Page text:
This week marks Fiji Day, when Fijians celebrate their independence from Great Britain. We spent the week studying Fiji history so that Tica and Ian have a brief understanding of what we will be celebrating when we go into town on Saturday. The following is a summary of their notes on the subject. -- Brooke
Fiji: A Brief History
>> People came to the islands from Polynesia in 2120 B.C.E. and settled along the coast for fishing. They called their land and themselves “Viti.
>> In 500 B.C.E., natives started moving inland and engaging in farming in addition to fishing.
A growing population led to more and more intertribal conflict, with no one chief or tribe in charge. Cannibalism became a ritual for humiliating defeated foes.
>> Europeans passed through Fiji in the 1640s when Abel Tasman sailed through and charted part of the archipelago but treacherous reefs and Viti’s reputation as “The Cannibal Isles” kept mariners away for the next 130 years.
>> Captain Cook arrived 1774 and changed the name from “Viti” to “Fiji”, probably what he heard when he asked the natives the name of the islands.
>> After the mutiny of his ship the Bounty in 1789, Captain William Bligh and 18 crewmen sailed the waters between Viti Levu and Vanua Levu, now called “Bligh Water”. (Our home at Siga Siga Sands looks out on these waters.) Bligh’s boat was 21 feet long and they sailed more than 3,600 nautical miles from Tonga to Timor.
>> Europeans traders eventually started trade routes from Fiji for sandalwood (1804-1813), bêche de mer or sea cucumber (1830-1850), cotton (1860s, especially during the American Civil War years), sugar cane, copra and pine.
>> In the 1830s, missionaries (mostly Methodists) came from Tahiti to convert Fijians to Christianity with some success. Fijians melded the religion with their worship of ancient ancestral gods.
>> On October 10th, 1874, Fiji became a colony when Chief Cakobau and 12 other chiefs ceded Fiji to Queen Victoria. They thought that Britain could help them to consolidate their rule over all of Fiji. The colonial capital was established in Levuka on the island of Ovalau.
>> The colonial government did two things to try to make the Fijians happy. These two things would have a major effect on Fiji’s future up until the present.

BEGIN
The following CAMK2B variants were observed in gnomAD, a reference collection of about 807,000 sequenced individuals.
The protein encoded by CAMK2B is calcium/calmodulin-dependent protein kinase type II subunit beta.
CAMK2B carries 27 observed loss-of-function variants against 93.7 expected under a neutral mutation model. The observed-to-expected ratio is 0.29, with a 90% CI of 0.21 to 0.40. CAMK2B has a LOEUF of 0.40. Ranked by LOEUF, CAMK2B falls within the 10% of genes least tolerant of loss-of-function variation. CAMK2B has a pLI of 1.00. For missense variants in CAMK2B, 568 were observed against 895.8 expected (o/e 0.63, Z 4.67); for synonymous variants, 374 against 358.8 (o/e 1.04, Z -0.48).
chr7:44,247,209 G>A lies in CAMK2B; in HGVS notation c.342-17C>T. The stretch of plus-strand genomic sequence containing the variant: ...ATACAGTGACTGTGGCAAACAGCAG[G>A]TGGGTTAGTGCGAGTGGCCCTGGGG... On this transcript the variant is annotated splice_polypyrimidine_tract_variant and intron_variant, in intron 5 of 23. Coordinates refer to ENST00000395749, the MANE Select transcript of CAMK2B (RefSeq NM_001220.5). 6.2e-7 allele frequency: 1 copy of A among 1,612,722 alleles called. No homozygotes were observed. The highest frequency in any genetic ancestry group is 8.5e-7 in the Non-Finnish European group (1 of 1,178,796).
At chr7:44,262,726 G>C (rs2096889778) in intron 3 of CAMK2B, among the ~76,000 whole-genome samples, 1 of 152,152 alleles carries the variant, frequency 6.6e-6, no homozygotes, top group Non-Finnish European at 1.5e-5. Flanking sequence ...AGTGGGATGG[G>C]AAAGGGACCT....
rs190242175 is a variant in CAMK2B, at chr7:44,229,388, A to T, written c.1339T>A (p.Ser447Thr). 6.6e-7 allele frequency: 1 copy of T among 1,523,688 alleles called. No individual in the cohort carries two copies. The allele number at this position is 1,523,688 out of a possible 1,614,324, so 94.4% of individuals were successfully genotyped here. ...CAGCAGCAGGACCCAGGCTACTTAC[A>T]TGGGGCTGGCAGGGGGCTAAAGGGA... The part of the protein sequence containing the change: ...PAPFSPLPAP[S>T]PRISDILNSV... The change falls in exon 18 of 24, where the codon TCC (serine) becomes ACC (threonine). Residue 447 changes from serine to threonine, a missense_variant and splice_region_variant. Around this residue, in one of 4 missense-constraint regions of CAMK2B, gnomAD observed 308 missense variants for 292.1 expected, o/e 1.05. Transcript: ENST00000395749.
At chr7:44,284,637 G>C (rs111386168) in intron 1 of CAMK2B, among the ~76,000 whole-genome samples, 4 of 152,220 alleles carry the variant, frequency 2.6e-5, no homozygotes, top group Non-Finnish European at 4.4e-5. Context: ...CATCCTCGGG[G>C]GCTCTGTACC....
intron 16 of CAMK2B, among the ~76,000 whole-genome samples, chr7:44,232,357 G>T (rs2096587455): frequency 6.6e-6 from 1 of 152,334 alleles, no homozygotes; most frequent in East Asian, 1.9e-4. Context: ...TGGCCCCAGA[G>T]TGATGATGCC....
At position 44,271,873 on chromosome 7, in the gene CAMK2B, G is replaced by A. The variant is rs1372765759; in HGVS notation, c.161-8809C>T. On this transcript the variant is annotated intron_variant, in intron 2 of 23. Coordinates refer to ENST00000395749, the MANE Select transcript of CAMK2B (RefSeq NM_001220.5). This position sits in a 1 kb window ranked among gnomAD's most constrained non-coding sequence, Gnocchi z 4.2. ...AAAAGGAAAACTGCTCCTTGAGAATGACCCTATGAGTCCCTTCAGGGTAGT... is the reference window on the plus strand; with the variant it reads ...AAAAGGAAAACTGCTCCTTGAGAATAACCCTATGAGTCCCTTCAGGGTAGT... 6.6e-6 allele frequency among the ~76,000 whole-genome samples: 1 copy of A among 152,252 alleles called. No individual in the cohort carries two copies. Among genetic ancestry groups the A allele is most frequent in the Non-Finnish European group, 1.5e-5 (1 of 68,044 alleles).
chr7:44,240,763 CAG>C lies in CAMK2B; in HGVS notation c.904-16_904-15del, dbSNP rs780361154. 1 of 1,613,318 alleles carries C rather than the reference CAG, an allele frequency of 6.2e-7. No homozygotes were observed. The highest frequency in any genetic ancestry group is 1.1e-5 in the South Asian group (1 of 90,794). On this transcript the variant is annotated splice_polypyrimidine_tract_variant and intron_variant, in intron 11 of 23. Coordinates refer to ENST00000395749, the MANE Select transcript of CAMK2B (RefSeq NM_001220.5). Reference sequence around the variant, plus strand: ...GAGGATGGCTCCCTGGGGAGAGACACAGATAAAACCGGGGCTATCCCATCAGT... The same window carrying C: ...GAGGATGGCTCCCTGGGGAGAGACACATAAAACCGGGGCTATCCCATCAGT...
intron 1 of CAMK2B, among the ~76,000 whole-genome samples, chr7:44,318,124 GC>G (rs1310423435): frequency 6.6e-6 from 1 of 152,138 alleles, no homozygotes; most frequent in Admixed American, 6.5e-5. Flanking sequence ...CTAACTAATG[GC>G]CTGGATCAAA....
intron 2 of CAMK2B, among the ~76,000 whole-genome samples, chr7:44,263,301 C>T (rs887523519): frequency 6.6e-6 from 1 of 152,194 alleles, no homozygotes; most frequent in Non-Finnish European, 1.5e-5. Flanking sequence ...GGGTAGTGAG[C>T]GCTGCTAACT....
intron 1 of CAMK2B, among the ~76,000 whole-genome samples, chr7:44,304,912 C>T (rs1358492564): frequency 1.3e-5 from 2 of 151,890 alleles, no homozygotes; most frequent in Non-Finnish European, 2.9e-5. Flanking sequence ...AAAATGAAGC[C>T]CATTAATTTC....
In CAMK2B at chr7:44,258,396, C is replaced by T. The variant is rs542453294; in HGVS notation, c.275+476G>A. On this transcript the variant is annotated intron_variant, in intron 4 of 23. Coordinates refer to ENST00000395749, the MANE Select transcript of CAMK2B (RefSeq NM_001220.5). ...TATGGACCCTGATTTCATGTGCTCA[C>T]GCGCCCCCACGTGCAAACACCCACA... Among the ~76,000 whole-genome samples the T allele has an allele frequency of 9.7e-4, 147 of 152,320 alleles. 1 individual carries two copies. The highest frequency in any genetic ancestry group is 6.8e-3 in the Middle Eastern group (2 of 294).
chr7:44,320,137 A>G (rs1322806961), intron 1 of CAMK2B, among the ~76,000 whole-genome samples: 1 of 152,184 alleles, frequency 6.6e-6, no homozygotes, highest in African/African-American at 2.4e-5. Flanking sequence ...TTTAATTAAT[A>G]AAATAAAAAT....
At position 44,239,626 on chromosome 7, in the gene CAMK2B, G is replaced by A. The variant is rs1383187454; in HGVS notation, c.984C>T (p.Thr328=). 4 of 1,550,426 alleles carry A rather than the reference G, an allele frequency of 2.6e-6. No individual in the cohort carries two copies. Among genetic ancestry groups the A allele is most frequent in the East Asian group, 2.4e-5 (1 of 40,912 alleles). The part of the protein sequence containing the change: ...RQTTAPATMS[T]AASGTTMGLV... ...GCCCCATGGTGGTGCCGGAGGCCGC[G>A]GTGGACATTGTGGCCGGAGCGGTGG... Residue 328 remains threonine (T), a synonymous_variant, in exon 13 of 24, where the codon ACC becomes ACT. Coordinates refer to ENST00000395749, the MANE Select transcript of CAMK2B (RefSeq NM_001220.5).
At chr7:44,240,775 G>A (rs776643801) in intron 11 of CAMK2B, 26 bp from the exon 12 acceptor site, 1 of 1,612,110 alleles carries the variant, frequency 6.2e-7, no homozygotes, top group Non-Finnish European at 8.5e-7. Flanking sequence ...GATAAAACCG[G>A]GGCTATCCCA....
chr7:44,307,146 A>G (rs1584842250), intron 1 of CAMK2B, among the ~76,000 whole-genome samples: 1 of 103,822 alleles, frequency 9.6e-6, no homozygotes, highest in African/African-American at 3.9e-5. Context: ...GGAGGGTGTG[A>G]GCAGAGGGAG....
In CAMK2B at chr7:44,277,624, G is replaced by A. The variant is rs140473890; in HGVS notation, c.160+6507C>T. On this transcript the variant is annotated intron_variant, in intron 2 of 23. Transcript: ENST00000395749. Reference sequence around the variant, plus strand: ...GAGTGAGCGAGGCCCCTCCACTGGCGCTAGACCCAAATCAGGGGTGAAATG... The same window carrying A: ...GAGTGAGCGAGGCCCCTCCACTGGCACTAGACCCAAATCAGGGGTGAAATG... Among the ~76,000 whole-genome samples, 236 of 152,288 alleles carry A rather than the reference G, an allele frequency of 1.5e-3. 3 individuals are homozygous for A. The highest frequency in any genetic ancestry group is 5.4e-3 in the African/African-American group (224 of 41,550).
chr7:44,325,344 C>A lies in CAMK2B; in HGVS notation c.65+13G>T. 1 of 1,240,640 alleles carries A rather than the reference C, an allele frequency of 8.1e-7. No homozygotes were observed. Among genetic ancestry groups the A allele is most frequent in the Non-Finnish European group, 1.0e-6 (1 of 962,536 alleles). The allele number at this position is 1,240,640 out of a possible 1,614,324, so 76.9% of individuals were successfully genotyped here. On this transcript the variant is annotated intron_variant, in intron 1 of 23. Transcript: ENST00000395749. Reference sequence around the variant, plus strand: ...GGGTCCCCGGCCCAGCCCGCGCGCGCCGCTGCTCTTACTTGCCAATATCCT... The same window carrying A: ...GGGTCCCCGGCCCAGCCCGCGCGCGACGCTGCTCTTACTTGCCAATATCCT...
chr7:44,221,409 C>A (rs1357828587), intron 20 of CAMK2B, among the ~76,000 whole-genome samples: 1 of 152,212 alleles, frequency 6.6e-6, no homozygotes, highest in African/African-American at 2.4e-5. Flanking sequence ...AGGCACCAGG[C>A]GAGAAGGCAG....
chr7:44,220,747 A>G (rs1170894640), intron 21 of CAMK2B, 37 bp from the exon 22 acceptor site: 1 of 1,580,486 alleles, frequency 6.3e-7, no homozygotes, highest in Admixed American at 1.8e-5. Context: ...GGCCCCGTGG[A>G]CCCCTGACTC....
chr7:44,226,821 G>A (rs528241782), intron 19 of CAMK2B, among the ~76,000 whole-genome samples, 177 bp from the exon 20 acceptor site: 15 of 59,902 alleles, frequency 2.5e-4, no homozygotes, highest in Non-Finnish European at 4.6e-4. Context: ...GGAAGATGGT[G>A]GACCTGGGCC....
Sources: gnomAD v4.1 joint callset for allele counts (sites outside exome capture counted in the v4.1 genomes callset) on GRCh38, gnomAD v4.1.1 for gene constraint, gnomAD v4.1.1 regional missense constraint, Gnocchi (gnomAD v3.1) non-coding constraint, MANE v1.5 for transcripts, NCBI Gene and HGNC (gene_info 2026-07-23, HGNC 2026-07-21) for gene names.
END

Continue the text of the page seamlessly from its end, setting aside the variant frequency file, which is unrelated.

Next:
>> First, the colonial government forbade the sale of Fijian land to foreigners. Even today, 83 percent of land is still owned by Fijians.
>> Second, the British also forbade the use of Fijian natives as laborers on copra, cotton and sugar cane plantations. Instead, the colonial government brought in Indians or “Girmitiyas”, indentured servants from India to do the work. Most were Hindu but some were Muslims and Christians. They came to Fiji on five year contracts and, once the contacts were fulfilled, they stayed. Many brought their families over to join them.
>> Indenture ended in 1919, by which time there were 60,000 Indians in Fiji.
>> Relations between Indo-Fijians and native Fijians were restricted. Indo-Fijians could not buy land so they went into small businesses and leased land from Fijians for farming.
>> In 1882, Suva, on Viti Levu, became the new colonial capital.
>> On October 10th, 1970, Fiji gained its independence from Britain. They adopted a British Parliamentary model of government with two houses. A “House of Lords” was comprised of Fijian chiefs.
>> The problem remains of relations between Indo-Fijians and Fijians. Today, 51 percent of Fiji’s population is made up of ethnic Fijians; 44 percent is made up of Indo-Fijians. The Fijian government has struggled over how to fairly take into the account the interests of the competing groups. They have had so much trouble that there have been three coups d’etat since independence – in 1987, 2000 and 2006. The government that took over in 2006, that of Frank Bainimarama is still in power and to date has not held democratic elections. On September 1st, 2009, a little more than two weeks before we arrived, Fiji was kicked out of the British Commonwealth because they have not held democratic elections.
>> Fiji remains an independent country however, and on Saturday, we will celebrate its 39th birthday.
(Sources include the Moon Handbook on Fiji by David Stanley and the Lonely Planet Guide to Fiji by Dean Starnes and Nana Luckham. We also planned to visit the Savusavu town library this afternoon in order to do some more research. The trip was put off due to the tsunami warning spurred by the earthquake off Vanuatu. We’ll try and get the tomorrow but wanted to get this posted.)